I’m exited to see the upcoming videos.

    3. An actual doctor would know where to look for and would read the study for those details.

      I never trust anyone who claims to be a doctor of medical comment boards because these same type of people often are priests on religious discussion boards, a soldier on any military discussion boards, etc.

  4. I have heard the plant docs say it’s better to be at the lowest bmi range within the normal weight group.

    Great questions dr cobalt. Although interesting to read about, I find that I rarely get the same results as the studies describe since we are starting from wfpb .I would like to try the 5:2 diet though and see what happens in january 2020 blood work.

  5. What ever I do I am 10 lbs over weight. No medical conditions HR around 55-60 all blood markers good. My problem with calorie restriction is
    I’M ALWAYS HUNGRY AND ALL I DO IS THINK ABOUT FOOD. Minor problem. I think my problem is I’m too short for my BMI…;^)
    mitch

    1. Are you eating a low fat, “Starch Solution” based WFPB diet? Potatoes, corn meal, beans, whole grains, oats, pumpkin, veggies and fruit. Eat as much as you want and be lean.

    2. Mitch,

      I understand.

      I spent much of my life doing calorie restriction processes and gaining the weight back, plus some from hunger.

      I think the Whole Food Plant-Based either Starch Solution or Eat to Live Nutritarian are two fairly good approaches to try.

      Dr. Doug Lisle would be someone to listen to if you go Starch Solution direction.

      Also, watch a Calorie Density YouTube video.

      HelloNutritarian is a good site if you choose Nutritarian.

      Mama Sezz food delivery has a “guaranteed weight loss” bundle. I think it is $169.

      Even going Whole Food Plant-Based hasn’t automatically caused me to lose weight at all.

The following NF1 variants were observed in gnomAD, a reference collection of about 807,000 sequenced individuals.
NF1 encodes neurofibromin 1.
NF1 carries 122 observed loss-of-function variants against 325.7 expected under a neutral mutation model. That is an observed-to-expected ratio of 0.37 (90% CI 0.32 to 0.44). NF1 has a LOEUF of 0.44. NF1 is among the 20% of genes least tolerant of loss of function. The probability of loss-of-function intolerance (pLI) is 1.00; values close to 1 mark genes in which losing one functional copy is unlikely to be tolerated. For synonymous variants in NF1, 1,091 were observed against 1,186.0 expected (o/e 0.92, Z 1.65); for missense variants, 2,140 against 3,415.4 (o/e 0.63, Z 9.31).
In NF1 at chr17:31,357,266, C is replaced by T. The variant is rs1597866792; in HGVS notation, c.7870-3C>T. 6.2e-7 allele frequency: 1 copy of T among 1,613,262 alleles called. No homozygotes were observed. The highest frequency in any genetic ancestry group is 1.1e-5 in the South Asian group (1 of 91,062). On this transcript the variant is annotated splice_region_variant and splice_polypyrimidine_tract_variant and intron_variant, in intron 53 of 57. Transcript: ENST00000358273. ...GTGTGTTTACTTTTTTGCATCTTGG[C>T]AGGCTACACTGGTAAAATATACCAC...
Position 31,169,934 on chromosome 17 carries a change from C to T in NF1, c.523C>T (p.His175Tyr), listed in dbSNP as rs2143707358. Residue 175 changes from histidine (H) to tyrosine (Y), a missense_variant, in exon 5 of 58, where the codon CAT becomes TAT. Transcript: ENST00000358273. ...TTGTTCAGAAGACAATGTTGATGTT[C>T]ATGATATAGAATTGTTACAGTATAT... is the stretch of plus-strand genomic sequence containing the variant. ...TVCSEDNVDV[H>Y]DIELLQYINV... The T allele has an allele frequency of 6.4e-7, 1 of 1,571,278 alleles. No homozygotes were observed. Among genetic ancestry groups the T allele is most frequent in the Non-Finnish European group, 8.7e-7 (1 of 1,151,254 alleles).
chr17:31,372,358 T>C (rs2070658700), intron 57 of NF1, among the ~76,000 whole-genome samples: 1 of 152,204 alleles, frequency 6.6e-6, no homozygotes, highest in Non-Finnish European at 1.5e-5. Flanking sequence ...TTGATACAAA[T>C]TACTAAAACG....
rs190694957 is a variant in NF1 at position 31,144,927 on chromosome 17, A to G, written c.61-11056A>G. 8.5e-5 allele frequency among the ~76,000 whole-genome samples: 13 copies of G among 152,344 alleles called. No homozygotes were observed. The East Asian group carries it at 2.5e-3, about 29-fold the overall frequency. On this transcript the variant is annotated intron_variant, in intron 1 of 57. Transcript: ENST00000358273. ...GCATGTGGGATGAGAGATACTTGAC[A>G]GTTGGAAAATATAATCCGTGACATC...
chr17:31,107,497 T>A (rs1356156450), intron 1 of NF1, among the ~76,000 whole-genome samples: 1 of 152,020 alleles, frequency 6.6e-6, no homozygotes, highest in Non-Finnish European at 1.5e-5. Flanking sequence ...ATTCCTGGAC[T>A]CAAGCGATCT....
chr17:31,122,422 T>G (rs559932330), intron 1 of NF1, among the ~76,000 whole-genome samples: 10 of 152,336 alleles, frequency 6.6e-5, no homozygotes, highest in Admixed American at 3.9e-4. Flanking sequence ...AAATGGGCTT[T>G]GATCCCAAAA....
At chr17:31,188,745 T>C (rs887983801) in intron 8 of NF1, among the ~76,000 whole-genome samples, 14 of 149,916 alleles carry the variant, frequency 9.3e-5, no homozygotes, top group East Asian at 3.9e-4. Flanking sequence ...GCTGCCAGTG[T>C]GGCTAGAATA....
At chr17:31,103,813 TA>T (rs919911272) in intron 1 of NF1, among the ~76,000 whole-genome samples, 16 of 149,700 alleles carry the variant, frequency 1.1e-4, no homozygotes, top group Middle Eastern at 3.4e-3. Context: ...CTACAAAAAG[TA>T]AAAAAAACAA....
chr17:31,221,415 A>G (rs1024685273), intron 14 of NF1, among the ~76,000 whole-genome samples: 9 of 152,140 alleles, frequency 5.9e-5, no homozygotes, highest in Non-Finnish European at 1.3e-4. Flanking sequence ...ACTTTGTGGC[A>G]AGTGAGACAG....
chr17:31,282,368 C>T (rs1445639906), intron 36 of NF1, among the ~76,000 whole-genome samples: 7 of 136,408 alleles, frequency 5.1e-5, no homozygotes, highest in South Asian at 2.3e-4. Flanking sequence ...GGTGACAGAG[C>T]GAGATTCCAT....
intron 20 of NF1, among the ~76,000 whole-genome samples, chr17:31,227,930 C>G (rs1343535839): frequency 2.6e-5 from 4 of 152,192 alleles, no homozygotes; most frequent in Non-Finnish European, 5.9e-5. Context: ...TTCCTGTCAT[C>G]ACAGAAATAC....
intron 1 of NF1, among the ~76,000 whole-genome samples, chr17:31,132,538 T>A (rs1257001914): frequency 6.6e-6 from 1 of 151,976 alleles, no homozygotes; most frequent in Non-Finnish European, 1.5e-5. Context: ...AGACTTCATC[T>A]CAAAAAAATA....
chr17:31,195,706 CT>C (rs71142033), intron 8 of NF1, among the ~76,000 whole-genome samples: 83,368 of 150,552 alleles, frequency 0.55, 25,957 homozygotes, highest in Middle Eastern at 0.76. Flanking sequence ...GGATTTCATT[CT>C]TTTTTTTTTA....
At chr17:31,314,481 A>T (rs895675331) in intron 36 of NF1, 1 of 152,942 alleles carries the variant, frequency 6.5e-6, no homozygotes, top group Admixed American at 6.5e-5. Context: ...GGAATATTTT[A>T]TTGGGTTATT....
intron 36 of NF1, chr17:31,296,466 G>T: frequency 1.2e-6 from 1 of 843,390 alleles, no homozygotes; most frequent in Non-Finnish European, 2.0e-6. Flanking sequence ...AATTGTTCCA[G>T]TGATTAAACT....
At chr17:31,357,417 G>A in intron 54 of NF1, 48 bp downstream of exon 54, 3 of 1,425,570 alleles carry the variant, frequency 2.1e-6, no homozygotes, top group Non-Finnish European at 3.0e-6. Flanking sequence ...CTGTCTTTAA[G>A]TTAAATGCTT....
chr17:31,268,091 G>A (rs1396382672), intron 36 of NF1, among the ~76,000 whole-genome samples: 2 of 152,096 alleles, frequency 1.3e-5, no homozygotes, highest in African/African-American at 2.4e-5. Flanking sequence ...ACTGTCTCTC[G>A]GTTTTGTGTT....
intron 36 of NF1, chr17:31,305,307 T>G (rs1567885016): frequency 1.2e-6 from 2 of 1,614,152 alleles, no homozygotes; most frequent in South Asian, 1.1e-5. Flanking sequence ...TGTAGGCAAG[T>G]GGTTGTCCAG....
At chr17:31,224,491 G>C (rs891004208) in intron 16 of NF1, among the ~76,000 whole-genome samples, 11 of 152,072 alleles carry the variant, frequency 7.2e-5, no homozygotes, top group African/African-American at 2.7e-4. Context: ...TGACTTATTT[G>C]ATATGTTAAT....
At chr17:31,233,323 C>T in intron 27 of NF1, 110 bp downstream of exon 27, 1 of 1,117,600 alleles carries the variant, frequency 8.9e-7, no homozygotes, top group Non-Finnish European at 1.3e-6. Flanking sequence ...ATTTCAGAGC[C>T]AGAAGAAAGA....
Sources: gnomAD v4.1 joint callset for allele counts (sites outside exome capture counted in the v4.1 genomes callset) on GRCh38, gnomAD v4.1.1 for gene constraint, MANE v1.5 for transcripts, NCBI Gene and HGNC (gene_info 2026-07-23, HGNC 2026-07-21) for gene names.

Even Whole Food Plant-Based, no oil, no grains, no starchy vegetables or root vegetables, no smoothies or juices, no nuts or avocado didn’t cause me to lose weight, but I have kept fidgeting with things and I am starting to lose weight. Very slowly.

      Somehow, increasing my intake of watery fruit and more brothy type soup along with an hour of exercise has finally tipped the scales.

      Without any hunger or food focus.

      It has not been easy at all, but 2 years later, I finally am seeing small results.

        1. Ruth,

          So far, watermelon, pineapple, oranges, apples, and mangos.

          I can only tell you that there has been a change.

          Over 2 months ago, I had stopped nuts and avocado and got rid of my green tea latte and started walking on a treadmill at the gym, plus a tiny amount of resistance exercise, but hadn’t had much weight change in the 2+ months.

          In fact, I gained a pound or something.

          Then, I added in 3 servings of watery fruits and a McDougall cup of soup and lost that pound back, plus, 2.2 pounds and I am losing ounces at a time now.

          I will let you know next week if there is another whole pound change by next week.

          Next week, I will be switching from Nutritarian to food delivery NO-SOS, Chef AJ approved meals, to see if I can do this process cheaper and in a less time-consuming way. Yes, saving money buying food delivery sounds counter-intuitive, but I spend so much on produce and spend so much time driving back and forth to Whole Foods and spend so much gas for that and end up eating so late that I think meal-delivery might cause me to eat earlier and might save me hundreds of dollars and give me some free time and it may help with portioning my comfort foods. When I was cooking things like chili, I probably ate too much of it.

          That is a 2-week experiment, but if I lose weight on it, I might be switching to meal-delivery for more of my meals.

          I haven’t cooked any foods for so long, I have pretty much just eaten salads with lots of veggies and hummus since March, but I didn’t lose weight, so it may be worth going back to things like chili and rice and beans and lentil loaf and those foods were comfort foods for me.

          My brain really can’t wrap around this whole thing.

          I can only tell you that I lost 2.2 pounds adding in watery foods.

          Portioned delivery meals are what I test next week.

          1. Thank you Deb.
            But let me also say that all I was interested in was the fruits you found helpful. I’ll try to be more explicit next time that I don’t need a lot of extra information. thank you.

              1. Joe – You might have and I respect that. You are free to ask your own questions and engage in your own discussions.
                I can only read so much. And when someone posts a lot I cannot take it all in. I only have so much time in my life.